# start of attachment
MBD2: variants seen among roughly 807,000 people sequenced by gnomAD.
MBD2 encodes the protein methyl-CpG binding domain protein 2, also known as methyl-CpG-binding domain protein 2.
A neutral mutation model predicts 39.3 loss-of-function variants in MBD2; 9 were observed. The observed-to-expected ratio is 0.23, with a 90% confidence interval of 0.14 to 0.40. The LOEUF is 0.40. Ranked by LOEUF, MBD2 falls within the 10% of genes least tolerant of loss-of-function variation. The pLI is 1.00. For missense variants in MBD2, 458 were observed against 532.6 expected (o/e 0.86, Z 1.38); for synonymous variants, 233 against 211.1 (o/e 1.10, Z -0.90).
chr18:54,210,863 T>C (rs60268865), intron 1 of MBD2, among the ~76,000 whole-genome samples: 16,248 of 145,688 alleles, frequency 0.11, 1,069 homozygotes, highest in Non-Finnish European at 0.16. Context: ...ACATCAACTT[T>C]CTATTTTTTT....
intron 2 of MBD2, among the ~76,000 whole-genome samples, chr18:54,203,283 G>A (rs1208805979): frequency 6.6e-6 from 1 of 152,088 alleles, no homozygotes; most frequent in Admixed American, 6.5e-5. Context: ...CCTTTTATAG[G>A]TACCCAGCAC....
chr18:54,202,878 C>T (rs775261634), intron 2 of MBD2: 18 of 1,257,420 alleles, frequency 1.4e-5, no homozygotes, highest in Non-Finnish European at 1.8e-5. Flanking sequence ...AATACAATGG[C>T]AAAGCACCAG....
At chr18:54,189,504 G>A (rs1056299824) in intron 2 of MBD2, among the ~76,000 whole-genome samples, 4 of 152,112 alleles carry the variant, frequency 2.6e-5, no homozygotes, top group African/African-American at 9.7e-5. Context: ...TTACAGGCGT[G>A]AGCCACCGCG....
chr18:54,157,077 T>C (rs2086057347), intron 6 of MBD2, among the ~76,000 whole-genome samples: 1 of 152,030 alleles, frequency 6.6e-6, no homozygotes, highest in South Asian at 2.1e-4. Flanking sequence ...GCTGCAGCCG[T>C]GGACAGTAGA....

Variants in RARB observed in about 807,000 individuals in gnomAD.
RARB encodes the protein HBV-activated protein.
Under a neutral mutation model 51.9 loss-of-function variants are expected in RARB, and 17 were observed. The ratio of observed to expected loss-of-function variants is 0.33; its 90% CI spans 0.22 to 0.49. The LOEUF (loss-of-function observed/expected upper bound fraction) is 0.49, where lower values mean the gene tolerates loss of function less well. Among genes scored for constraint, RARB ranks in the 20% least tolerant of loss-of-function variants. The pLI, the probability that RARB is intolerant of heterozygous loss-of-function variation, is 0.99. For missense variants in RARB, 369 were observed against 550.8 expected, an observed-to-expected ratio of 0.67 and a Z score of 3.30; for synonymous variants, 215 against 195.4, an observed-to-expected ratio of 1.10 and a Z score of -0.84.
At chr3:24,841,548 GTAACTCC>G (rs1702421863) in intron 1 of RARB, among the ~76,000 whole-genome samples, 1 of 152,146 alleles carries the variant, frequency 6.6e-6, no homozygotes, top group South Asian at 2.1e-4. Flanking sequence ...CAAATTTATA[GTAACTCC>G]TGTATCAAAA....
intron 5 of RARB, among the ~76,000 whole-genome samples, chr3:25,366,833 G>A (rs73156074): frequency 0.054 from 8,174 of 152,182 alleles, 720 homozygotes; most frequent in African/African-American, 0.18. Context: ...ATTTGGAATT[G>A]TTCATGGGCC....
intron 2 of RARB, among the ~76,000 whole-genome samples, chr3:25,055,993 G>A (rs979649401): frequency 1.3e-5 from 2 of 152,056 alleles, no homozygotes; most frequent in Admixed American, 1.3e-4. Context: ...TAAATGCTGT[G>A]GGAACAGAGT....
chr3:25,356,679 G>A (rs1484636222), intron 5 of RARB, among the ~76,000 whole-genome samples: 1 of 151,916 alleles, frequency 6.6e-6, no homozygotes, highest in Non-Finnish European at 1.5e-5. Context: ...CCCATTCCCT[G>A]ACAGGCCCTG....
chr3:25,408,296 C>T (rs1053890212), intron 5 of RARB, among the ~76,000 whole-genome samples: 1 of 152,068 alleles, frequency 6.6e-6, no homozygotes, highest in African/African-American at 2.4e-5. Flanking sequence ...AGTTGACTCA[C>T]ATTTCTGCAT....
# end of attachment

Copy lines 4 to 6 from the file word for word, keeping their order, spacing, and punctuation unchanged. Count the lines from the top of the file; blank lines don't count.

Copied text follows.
chr18:54,210,863 T>C (rs60268865), intron 1 of MBD2, among the ~76,000 whole-genome samples: 16,248 of 145,688 alleles, frequency 0.11, 1,069 homozygotes, highest in Non-Finnish European at 0.16. Context: ...ACATCAACTT[T>C]CTATTTTTTT....
intron 2 of MBD2, among the ~76,000 whole-genome samples, chr18:54,203,283 G>A (rs1208805979): frequency 6.6e-6 from 1 of 152,088 alleles, no homozygotes; most frequent in Admixed American, 6.5e-5. Context: ...CCTTTTATAG[G>A]TACCCAGCAC....
chr18:54,202,878 C>T (rs775261634), intron 2 of MBD2: 18 of 1,257,420 alleles, frequency 1.4e-5, no homozygotes, highest in Non-Finnish European at 1.8e-5. Flanking sequence ...AATACAATGG[C>T]AAAGCACCAG....